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“By repeatedly reporting the false claims of drilling proponents, while giving little or no attention to the available facts, the most important news media helped to convince the public of something that is not true, and thereby influenced the entire political climate around this issue.”
Kigali, Rwanda, is site of one of the latest crossroads of people, planet and profit, with a recycling project as a catalyst for profit, employment and solidarity for HIV+ women.
The project is run by ACEN (Association for the Conservation of the Environment), a local cooperative with funding from UNDP and the Global Environment Facility (GEF). ACEN members are now charging 12,000 families in Kigali between US$1 and US$37 to collect their trash, which they bring to a central facility for the waste to be sorted, dried and pressed into fuel “briquettes.” These fuel-blocks are cleaner-burning, cheaper and more fuel-efficient than wood or coal, thereby reducing pollution and deforestation.
The project has multiple other benefits in addition to greening the environment: The ACEN cooperative provides vocational training, daily meals and monthly stipends to 133 employees from the rural population, two-thirds of whom are women, and half of whom are living with HIV/AIDS.
In fact, the ACEN is hoping to increase production to meet burgeoning demand for this inexpensive and reliable product, which has brought the cost of fuel material down from approximately $25/month to less than $8/month. Coming soon, ACEN also has plans to develop a micro-loan program and market their briquette-efficient stove to everyday households, enabling them to partake in these cost-saving devices.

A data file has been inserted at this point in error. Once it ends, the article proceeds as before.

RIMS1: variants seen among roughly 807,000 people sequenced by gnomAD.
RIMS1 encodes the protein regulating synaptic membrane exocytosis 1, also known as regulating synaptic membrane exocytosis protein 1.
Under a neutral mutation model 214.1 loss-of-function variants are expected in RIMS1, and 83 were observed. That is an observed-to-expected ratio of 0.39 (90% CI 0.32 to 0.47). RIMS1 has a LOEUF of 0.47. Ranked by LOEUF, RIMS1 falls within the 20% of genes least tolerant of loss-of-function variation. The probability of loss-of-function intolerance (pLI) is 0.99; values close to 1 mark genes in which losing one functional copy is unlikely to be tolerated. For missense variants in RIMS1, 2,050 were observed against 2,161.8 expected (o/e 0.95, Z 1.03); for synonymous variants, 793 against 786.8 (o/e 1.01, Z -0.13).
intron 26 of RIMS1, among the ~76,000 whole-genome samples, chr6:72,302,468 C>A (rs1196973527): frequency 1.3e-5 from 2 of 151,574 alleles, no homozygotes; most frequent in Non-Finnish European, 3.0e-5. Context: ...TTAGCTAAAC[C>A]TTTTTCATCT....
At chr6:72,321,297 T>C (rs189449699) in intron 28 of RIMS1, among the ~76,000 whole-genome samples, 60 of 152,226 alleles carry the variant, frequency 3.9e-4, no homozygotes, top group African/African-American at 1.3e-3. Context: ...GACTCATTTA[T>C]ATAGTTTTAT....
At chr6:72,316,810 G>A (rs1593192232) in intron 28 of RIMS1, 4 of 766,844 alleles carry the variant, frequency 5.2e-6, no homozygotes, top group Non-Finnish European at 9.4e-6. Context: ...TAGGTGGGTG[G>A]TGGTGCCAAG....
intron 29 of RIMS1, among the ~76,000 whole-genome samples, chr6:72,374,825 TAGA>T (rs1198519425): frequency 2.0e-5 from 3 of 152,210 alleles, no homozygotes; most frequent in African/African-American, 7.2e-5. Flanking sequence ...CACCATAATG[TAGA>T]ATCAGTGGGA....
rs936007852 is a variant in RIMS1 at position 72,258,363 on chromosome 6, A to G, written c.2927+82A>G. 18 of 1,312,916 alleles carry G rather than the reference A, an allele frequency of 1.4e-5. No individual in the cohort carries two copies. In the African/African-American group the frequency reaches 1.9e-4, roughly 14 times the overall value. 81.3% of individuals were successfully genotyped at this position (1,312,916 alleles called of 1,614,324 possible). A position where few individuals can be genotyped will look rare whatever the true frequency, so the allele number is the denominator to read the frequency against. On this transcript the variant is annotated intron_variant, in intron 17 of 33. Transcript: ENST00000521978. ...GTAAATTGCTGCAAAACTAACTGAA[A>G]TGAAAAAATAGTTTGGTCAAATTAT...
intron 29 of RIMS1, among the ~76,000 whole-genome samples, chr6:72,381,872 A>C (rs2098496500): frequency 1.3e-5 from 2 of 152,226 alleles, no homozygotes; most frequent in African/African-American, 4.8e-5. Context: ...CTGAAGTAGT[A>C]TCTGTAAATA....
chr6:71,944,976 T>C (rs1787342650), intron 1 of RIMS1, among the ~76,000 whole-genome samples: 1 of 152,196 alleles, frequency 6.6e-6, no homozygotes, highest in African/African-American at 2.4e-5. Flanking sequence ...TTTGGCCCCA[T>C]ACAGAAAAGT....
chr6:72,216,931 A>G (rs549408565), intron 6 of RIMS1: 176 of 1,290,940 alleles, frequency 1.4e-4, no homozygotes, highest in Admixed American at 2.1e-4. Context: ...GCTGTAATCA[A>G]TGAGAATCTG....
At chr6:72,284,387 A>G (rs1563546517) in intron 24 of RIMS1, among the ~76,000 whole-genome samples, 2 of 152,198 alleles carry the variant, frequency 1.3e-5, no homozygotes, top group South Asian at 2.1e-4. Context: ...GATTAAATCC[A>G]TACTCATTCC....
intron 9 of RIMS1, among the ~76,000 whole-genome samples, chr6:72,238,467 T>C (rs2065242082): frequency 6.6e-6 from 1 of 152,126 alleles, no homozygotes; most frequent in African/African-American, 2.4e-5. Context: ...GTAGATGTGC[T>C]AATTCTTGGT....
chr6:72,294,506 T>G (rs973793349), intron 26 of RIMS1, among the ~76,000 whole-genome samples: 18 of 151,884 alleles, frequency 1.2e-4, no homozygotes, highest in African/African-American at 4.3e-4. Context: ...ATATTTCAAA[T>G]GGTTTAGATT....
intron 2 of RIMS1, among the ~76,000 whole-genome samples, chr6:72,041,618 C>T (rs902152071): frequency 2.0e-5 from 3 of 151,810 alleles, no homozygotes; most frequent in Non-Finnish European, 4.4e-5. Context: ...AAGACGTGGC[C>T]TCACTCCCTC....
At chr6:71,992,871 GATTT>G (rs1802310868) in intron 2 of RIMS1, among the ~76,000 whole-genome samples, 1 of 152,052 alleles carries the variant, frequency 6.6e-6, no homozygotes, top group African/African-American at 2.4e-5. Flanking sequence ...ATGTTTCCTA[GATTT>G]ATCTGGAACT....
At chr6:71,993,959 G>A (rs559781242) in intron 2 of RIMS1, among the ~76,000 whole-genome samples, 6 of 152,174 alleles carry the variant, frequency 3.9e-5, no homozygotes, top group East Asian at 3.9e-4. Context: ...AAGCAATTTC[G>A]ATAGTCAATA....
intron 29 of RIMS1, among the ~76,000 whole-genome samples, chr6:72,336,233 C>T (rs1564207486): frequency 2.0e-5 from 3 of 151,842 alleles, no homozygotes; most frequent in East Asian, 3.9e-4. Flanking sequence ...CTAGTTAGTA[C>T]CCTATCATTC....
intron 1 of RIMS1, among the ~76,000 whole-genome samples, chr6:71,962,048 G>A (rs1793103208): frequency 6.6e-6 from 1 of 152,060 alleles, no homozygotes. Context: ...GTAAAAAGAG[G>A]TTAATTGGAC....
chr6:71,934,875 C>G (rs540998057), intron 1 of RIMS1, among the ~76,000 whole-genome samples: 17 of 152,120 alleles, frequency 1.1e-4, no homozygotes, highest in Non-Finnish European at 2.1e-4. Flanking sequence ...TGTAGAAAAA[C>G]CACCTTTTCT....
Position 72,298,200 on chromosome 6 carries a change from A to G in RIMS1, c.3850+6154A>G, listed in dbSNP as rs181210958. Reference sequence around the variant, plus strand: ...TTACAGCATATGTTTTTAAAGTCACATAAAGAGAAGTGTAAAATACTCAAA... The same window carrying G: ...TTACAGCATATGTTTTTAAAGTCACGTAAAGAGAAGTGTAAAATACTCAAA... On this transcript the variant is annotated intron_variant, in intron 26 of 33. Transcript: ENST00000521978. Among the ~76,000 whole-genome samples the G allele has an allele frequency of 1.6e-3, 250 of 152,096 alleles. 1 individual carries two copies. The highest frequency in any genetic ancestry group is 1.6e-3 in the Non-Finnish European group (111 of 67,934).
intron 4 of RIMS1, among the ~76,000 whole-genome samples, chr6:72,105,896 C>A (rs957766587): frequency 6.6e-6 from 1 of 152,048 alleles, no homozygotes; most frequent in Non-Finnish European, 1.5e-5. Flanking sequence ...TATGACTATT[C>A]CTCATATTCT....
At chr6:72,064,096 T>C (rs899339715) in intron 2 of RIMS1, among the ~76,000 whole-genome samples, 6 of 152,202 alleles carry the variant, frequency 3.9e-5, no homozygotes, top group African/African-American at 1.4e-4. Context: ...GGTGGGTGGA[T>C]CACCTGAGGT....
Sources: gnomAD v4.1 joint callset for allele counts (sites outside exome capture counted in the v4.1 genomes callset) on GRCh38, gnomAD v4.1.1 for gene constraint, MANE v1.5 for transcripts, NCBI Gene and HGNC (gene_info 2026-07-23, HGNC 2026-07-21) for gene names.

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The federal government is in bed with the coal industry. A prime example is the $2 million spent in advertising at both the Democratic and Republican conventions by the American Coalition for Clean Coal Electricity (ACCCE). Founded this year, the ACCCE combined the Center for Energy and Economic Development and Americans for Balanced Energy Choices. Already the ACCCE has spent $4.7 million on lobbying, according to a Center for Public Integrity analysis.
One of the first actions of ACCCE was killing a Senate bill sponsored by Senator John Warner and Senator Joe Lieberman that would have put the first caps on carbon emissions.
More and more people are interested in offsetting their website’s carbon footprint and various businesses are brokering eco projects to match this offsetting. But is the web greening business substantially more than a clever moneymaking scheme?
Surfing the net burns real electricity and your PC or laptop monitor creates harmful emissions every second that it’s running. So greening your online presence is definitely a valid item to put down on your offsets list.